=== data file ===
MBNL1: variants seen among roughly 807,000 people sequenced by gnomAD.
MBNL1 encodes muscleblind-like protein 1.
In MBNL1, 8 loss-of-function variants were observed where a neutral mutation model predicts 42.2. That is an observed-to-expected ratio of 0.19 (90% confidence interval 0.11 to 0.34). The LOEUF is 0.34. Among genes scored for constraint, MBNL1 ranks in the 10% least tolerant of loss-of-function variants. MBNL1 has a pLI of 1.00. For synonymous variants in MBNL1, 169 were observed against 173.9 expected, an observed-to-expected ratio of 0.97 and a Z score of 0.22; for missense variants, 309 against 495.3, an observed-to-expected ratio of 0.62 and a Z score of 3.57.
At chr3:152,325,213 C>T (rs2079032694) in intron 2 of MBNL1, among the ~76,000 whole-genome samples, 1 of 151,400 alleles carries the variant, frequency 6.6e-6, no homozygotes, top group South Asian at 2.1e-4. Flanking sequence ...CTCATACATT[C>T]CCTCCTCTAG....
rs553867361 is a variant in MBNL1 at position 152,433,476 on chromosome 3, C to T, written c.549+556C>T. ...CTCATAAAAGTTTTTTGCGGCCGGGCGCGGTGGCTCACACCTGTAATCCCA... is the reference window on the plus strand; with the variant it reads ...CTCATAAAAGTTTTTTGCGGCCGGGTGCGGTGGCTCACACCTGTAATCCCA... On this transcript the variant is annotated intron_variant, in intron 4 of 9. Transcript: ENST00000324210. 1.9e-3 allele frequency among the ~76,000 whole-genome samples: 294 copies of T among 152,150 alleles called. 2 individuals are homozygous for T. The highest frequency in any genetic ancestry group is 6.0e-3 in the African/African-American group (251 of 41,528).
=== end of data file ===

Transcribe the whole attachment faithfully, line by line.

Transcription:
MBNL1: variants seen among roughly 807,000 people sequenced by gnomAD.
MBNL1 encodes muscleblind-like protein 1.
In MBNL1, 8 loss-of-function variants were observed where a neutral mutation model predicts 42.2. That is an observed-to-expected ratio of 0.19 (90% confidence interval 0.11 to 0.34). The LOEUF is 0.34. Among genes scored for constraint, MBNL1 ranks in the 10% least tolerant of loss-of-function variants. MBNL1 has a pLI of 1.00. For synonymous variants in MBNL1, 169 were observed against 173.9 expected, an observed-to-expected ratio of 0.97 and a Z score of 0.22; for missense variants, 309 against 495.3, an observed-to-expected ratio of 0.62 and a Z score of 3.57.
At chr3:152,325,213 C>T (rs2079032694) in intron 2 of MBNL1, among the ~76,000 whole-genome samples, 1 of 151,400 alleles carries the variant, frequency 6.6e-6, no homozygotes, top group South Asian at 2.1e-4. Flanking sequence ...CTCATACATT[C>T]CCTCCTCTAG....
rs553867361 is a variant in MBNL1 at position 152,433,476 on chromosome 3, C to T, written c.549+556C>T. ...CTCATAAAAGTTTTTTGCGGCCGGGCGCGGTGGCTCACACCTGTAATCCCA... is the reference window on the plus strand; with the variant it reads ...CTCATAAAAGTTTTTTGCGGCCGGGTGCGGTGGCTCACACCTGTAATCCCA... On this transcript the variant is annotated intron_variant, in intron 4 of 9. Transcript: ENST00000324210. 1.9e-3 allele frequency among the ~76,000 whole-genome samples: 294 copies of T among 152,150 alleles called. 2 individuals are homozygous for T. The highest frequency in any genetic ancestry group is 6.0e-3 in the African/African-American group (251 of 41,528).